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Former Democratic presidential candidate Michael Dukakis had some sobering advice for Joe Biden about his poll numbers.
In comments to the Boston Globe, the former Massachusetts governor warned the presumptive 2020 Democratic nominee not to put too much confidence in polls showing him with a double-digit lead over President Trump. And Dukakis speaks from experience as he saw his own numbers plummet in 1988 after leading against then-Vice President George H. W. Bush.
A Newsweek/Gallup poll in July 1988 showed Dukakis with a 55-38 lead over Bush. Other polling at the time also showed a significant lead and prompted what Boston Globe political writer Thomas Oliphant referred to at the time as “an immediate ‘victory lap’ of the country that repeated many of his acceptance speech’s themes before enthusiastic crowds.”
But, several gaffes and poor debate performances later, as well as targeted ads by his opponent accusing him of being soft on crime and weak on defense, took a toll on the Democrat. Then-President Ronald Reagan even questioned his mental acuity, calling Dukakis an “invalid.”
“I think I dropped eight points in the week Reagan called me ‘the invalid,’” Dukakis told The Boston Globe. “I never took those early polls seriously.”
Similarly, a recent Fox News poll shows Biden leading Trump 50-38 nationally and by 8.8 percentage points in poll averages compiled by Real Clear Politics. The president’s poll numbers have slipped in recent weeks as he has battled the coronavirus pandemic and nationwide protests.
Biden’s team and Democrats have been touting the polling as a sure sign that the anti-Trump campaign they have been waging has worked, with some reports even suggesting the president would just drop out of the race if his numbers did not improve.
Speaking from experience, however, Dukakis warned that “particularly this year, [polls] should be studied cautiously.”
“Biden can and should win, but being at 50, no matter how weak your opponent is, is no guarantee of success,” he told The Globe.
“I think Biden now is weaker than Dukakis in 1988,” columnist Alex Beam wrote in the op-ed published by The Boston Globe Friday.
“Biden is battling an incumbent president who can wield the levers of power to his own benefit almost any time he wants. And Biden, you can argue, is no Dukakis,” he added, noting that Biden at 77 is prone to “cringe-worthy gaffes” while Dukakis turned 55 in 1988, just days before Election Day.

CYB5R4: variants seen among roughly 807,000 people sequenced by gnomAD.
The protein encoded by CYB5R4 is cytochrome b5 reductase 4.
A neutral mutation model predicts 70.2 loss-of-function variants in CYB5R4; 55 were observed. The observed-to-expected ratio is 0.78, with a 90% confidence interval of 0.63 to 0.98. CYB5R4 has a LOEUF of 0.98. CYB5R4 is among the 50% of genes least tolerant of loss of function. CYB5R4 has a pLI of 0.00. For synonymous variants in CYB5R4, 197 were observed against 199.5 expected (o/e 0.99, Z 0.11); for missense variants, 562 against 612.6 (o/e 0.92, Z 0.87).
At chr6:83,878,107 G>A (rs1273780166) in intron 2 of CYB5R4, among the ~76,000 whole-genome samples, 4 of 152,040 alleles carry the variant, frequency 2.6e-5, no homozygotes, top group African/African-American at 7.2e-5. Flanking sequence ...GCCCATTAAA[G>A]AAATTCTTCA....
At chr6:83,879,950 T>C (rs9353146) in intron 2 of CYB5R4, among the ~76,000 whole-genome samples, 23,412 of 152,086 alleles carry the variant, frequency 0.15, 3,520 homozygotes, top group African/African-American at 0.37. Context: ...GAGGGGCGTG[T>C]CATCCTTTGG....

And as Massachusetts governor, Dukakis was able to take credit for “a sustained period of economic growth for which he doubtless had some responsibility,” Beam noted.
“What can Biden take credit for?” he wrote. “A serviceable stint as a small-state senator, eight years of unremarkable vice-presidential yeomanry, and — lest we forget — an unblemished losing record in presidential campaigns.”
Bush prevailed and won that election in 1988, despite trailing in the polls behind Dukakis for months before. Republican strategist Karl Rove pointed to the same bit of history when speaking to Fox News recently about the current gap between Biden and Trump in the 2020 race for the White House.
The former White House Deputy Chief of Staff suggested on “America’s Newsroom” Friday that Trump needs to hot “reset” on his campaign and he needs to do it before he appears at the Republican National Convention later in August.
“When you are in the barrel. When you’re getting a lot of bad press and the polls are going against you, you need to do something that says, ‘We’re moving in a different direction.’ That’s what I mean by a reset,” Rove told Fox News host Leland Vittert.
(Source: Fox News)
“So, you have got to do something that’s big and grabs the attention of the American people and says, ‘This is either a big new policy or a change in tone or direction.’ And, that’s a mechanical thing,” Rove continued.
“You can’t simply say, ‘Well, we’ve got bad polls and we’re getting bad press.’ You’ve got to say, ‘OK, we’ve got to do something different,'” he added.
“No president gets re-elected by saying, ‘I’ve done a good job,'” Rove told Vittert. “You have to be in a place where you say, ‘I’ve done a good job and I’ve got more things that I want to do and those are things that you like.’”
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